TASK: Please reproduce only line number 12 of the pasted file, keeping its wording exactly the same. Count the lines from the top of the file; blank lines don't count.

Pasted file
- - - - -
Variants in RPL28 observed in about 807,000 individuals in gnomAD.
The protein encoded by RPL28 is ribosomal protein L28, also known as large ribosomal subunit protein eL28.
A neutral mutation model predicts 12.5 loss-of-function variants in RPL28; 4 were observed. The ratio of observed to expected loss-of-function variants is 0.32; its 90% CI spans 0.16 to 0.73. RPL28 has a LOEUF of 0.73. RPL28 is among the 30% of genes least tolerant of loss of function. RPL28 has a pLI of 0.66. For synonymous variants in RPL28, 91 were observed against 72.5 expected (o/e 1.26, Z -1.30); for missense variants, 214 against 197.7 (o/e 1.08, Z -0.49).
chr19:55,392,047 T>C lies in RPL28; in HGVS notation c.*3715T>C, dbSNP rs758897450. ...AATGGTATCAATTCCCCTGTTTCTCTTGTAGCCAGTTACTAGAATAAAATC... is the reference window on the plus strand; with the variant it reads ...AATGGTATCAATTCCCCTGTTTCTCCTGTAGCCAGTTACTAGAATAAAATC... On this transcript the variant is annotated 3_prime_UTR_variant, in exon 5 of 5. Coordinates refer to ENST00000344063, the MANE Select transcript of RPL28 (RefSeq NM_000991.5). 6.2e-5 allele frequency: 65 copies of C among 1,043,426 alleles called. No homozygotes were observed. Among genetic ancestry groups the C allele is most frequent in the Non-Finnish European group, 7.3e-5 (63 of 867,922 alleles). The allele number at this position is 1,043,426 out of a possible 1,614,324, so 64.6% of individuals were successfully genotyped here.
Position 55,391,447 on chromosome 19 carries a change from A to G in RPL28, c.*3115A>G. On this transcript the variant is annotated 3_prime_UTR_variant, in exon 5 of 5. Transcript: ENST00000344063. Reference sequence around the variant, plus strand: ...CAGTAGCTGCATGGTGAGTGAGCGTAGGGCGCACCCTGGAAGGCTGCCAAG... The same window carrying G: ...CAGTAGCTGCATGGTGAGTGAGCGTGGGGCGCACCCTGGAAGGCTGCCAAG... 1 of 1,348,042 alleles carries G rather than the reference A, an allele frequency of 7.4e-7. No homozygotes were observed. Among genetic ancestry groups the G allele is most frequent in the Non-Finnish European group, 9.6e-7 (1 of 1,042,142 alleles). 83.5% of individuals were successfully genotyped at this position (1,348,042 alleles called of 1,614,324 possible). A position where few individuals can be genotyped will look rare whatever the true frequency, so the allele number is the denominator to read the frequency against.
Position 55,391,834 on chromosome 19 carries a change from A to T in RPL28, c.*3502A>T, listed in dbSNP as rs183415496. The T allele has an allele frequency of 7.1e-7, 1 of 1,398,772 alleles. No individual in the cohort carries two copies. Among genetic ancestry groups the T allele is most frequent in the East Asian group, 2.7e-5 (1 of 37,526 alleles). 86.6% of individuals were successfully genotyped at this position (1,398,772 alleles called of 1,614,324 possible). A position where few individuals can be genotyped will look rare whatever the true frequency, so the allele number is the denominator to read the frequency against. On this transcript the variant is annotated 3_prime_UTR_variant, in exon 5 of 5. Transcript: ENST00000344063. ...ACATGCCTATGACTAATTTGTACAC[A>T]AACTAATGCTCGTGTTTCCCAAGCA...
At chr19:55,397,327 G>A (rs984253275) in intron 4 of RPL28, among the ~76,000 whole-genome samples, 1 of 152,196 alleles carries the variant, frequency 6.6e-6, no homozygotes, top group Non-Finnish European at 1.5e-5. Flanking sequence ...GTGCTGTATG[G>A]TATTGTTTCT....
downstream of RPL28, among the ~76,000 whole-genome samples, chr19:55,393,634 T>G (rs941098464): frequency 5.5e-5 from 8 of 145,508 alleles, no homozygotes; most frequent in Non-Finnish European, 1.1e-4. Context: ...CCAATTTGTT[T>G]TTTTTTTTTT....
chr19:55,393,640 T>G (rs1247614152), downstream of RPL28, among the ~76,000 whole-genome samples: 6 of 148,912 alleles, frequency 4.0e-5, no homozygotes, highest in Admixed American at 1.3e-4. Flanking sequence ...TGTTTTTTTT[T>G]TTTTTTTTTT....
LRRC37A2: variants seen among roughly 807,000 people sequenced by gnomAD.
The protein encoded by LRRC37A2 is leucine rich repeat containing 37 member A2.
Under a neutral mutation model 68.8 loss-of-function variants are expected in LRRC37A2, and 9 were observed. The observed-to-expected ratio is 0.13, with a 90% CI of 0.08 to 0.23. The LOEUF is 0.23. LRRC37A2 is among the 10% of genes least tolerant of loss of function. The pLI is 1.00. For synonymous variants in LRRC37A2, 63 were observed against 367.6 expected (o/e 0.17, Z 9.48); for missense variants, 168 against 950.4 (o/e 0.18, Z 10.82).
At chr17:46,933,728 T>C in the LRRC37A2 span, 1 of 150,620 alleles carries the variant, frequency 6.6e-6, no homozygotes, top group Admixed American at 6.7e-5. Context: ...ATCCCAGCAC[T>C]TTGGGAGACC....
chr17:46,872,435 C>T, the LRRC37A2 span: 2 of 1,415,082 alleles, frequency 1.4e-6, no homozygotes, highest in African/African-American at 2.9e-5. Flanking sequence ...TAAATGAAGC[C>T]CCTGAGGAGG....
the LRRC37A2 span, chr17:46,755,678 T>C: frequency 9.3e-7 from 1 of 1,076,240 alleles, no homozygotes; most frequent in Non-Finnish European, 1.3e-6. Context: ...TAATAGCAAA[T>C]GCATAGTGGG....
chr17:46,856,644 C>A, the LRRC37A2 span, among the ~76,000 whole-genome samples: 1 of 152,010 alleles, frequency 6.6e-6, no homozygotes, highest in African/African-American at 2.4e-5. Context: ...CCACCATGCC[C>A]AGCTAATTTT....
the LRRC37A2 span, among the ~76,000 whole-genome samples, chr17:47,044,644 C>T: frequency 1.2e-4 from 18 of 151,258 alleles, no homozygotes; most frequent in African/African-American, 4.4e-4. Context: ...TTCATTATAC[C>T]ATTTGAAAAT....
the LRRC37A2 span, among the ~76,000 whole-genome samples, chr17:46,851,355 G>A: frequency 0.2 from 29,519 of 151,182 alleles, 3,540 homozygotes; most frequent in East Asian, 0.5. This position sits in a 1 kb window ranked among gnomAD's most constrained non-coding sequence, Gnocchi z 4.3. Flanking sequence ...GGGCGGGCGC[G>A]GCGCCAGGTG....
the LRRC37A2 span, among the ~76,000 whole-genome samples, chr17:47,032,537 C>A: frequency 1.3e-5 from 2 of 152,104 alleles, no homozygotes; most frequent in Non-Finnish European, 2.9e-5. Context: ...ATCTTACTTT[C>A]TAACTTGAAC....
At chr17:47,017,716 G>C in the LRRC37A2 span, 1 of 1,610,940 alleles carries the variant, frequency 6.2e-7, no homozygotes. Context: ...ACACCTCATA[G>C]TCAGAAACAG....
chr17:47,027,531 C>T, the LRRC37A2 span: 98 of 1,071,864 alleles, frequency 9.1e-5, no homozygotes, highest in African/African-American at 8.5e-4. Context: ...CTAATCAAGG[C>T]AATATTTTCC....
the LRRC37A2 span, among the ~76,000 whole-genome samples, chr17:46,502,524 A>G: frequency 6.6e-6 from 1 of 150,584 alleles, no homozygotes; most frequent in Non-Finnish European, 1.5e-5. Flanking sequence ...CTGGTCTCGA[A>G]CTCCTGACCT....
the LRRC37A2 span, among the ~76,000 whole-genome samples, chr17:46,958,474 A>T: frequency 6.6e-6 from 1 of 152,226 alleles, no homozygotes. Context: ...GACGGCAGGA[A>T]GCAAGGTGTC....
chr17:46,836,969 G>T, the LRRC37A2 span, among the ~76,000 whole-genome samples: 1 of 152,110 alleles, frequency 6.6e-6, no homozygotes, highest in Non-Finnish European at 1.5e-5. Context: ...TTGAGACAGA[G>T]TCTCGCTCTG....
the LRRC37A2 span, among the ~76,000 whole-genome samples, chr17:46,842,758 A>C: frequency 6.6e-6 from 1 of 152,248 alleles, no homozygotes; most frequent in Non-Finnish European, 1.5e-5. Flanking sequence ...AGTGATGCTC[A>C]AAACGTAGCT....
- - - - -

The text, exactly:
Under a neutral mutation model 68.8 loss-of-function variants are expected in LRRC37A2, and 9 were observed. The observed-to-expected ratio is 0.13, with a 90% CI of 0.08 to 0.23. The LOEUF is 0.23. LRRC37A2 is among the 10% of genes least tolerant of loss of function. The pLI is 1.00. For synonymous variants in LRRC37A2, 63 were observed against 367.6 expected (o/e 0.17, Z 9.48); for missense variants, 168 against 950.4 (o/e 0.18, Z 10.82).